ASK Jeff: The Rodale Institute’s farm manager, Jeff Moyer, answers your hardcore farming questions

How do I build fertility on my hayfields without chemicals?

Posted November 9, 2006

What Jeff brings to the table

Jeff Moyer, who’s been the farm manager here at the 333-acre Rodale Institute research farm for more than a quarter of a century, receives lots of mail from farmers just like you asking for advice. Jeff’s hands-in-the-dirt experience over the past 26 years has run the gamut from refining the farm's cover cropping and crop rotation systems (including managing 270 acres in a rotation of corn, small grains, hay, and edible soy beans for a Japanese market) to overseeing The Rodale Institue Farming Systems Trial®, the world’s longest running side-by-side comparison of organic and conventional agriculture. We thought it would be fun and informative to share some of these farmer-to-farmer exchanges, and Jeff’s practical wisdom, with our readers … and we’ll be doing it on a regular basis.

Got a question of your own? Click here to send it to Jeff.

Dear Jeff,

I've been making hay for years, and I'm located in a part of the country where there simply aren't any farms left. Most of my hay goes to contractors. The lack of farms means that there aren't sources of manure. I'm loath to use chemical fertilizers on my land, but I want to keep the soil as healthy as possible (from a county soil test I've got to do some liming, but we're in good shape otherwise). I'm concerned that if I keep "withdrawing" hay without adding any other nutrients, my fields will eventually run down. I want to add humus and nitrogen to my soil. I know about crack seeding of clover and alfalfa in the winter, but I'm wondering about overseeding my hayfields with oats or winter rye as well in early fall. In the case of oats, the oats grow some but then die during the winter. Would that help to keep my fields healthy? In the case of hay and no manure, can you make any suggestions as to what I might try?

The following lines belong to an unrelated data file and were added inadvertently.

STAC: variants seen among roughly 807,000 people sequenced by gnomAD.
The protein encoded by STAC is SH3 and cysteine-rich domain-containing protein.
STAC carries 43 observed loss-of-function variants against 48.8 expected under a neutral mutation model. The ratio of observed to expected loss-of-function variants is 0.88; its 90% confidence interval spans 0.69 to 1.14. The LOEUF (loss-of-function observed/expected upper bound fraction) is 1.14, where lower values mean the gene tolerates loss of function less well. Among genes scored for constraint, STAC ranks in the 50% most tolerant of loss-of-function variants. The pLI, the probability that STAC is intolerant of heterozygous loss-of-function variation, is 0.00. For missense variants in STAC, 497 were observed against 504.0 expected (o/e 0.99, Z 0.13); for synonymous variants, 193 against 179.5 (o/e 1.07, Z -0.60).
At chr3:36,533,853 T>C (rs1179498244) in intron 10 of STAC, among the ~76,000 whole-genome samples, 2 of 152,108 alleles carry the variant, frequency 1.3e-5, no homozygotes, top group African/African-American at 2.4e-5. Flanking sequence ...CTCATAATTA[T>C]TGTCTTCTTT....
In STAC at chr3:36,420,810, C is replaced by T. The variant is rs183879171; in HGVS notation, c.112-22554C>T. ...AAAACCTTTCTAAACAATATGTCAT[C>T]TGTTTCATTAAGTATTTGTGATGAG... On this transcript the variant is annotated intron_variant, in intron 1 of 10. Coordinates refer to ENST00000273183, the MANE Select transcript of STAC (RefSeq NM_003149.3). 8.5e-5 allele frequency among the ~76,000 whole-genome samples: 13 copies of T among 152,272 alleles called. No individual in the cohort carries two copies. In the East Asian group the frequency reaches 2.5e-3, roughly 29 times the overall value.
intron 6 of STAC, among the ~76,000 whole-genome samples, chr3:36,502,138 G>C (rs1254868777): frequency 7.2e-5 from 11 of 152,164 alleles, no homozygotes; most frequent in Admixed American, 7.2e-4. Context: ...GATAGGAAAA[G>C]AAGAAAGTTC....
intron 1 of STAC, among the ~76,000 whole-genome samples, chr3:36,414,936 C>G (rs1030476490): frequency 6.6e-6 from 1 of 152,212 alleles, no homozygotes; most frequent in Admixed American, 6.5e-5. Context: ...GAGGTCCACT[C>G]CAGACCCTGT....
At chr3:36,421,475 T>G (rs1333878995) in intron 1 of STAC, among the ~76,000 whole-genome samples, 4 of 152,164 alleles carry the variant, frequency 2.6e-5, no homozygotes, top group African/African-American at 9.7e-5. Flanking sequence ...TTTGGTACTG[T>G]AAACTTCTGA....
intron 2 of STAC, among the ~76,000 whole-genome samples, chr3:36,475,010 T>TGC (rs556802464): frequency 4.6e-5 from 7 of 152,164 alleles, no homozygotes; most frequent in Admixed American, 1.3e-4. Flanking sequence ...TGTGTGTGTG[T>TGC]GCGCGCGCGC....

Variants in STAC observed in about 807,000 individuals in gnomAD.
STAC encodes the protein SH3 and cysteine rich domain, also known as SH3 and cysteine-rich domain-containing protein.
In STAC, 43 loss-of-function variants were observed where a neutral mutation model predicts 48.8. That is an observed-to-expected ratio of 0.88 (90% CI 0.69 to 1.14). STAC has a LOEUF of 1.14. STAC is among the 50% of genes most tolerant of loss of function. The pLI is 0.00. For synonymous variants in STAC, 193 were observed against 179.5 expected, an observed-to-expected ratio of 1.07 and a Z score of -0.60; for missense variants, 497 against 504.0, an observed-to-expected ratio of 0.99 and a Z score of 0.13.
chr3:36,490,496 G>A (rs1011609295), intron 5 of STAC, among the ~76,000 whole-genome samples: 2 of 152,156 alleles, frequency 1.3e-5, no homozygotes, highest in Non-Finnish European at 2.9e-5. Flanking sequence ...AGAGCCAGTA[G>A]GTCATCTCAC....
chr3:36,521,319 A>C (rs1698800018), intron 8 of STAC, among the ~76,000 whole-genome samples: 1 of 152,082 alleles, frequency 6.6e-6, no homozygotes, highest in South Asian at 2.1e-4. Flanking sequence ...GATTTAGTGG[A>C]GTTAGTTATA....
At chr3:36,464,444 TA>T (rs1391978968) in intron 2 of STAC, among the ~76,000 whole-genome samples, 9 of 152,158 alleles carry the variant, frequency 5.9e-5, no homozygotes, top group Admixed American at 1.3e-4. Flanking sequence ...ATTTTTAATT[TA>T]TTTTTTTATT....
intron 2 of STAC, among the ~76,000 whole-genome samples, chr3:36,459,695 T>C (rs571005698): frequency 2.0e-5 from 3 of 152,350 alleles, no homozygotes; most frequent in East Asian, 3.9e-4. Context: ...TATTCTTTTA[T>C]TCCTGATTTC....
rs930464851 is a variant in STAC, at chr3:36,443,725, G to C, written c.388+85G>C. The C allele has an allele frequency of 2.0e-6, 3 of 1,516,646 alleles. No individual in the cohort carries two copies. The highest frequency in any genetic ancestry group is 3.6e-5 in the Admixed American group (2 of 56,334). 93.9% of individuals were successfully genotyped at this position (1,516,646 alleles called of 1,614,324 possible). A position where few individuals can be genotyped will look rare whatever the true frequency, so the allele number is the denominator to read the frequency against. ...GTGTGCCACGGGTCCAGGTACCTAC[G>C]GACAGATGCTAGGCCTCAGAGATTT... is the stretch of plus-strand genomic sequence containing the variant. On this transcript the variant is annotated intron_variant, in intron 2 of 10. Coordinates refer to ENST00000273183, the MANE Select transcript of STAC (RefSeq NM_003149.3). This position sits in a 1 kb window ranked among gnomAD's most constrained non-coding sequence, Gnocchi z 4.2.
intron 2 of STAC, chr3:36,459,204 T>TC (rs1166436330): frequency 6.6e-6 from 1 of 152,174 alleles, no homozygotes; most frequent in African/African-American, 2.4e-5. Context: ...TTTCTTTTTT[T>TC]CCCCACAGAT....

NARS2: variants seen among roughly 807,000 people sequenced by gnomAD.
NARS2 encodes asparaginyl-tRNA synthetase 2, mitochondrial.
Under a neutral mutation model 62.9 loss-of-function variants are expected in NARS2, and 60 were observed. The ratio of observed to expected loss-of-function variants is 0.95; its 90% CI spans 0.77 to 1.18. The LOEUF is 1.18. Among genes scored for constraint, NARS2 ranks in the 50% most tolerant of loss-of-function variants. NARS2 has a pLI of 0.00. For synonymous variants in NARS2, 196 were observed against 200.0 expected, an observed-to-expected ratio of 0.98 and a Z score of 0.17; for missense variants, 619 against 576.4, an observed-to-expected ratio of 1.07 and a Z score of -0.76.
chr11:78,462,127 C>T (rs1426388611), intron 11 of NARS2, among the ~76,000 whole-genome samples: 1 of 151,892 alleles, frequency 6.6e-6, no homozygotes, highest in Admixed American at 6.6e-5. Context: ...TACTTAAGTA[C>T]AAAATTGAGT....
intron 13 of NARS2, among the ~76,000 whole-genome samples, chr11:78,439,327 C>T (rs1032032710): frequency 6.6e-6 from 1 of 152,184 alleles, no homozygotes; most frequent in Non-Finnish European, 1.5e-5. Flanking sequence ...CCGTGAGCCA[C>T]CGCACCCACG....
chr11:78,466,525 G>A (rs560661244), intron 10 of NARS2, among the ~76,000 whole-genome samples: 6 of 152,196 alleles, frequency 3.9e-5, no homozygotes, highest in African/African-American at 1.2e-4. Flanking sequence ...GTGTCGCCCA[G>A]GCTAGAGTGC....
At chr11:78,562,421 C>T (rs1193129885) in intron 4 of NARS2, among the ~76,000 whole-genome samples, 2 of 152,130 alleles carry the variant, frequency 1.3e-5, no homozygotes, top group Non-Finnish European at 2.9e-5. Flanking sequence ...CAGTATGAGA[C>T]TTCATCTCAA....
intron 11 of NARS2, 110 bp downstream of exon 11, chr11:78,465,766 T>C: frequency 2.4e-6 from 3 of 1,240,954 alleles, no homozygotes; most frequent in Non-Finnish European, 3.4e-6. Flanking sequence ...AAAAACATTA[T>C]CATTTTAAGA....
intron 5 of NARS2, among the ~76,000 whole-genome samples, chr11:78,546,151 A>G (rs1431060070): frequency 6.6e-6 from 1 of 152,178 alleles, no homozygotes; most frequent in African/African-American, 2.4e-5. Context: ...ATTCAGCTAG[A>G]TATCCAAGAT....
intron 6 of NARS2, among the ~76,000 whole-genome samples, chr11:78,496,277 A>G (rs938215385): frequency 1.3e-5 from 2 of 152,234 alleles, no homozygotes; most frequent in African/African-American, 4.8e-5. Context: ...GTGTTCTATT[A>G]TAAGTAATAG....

Philip Wick

Dear Philip,

You bring up a challenging question. You are right on target when you suggest that constant taking without replacing will eventually lead to degenerating soil health and poor-quality hay. All the hay we produce is grown as part of a diverse rotation that includes row crops, small grains and forage. Your idea of interseeding the hay fields is a good one. You might try a no-till drill to re-seed the fields, but be aware that if you have alfalfa already in the field you won't be able to re-seed alfalfa into it. Alfalfa into alfalfa won't work. You might be able to make compost from sources other than animal manures, like leaves or grass clipping from local municipalities, food waste from institutions or some other compostable byproducts from your area. This would potentially put humus and micro nutrients back into the soil. Oats will winter kill, as you say; rye would grow well and make decent hay in the spring.

Good Luck with your enterprise.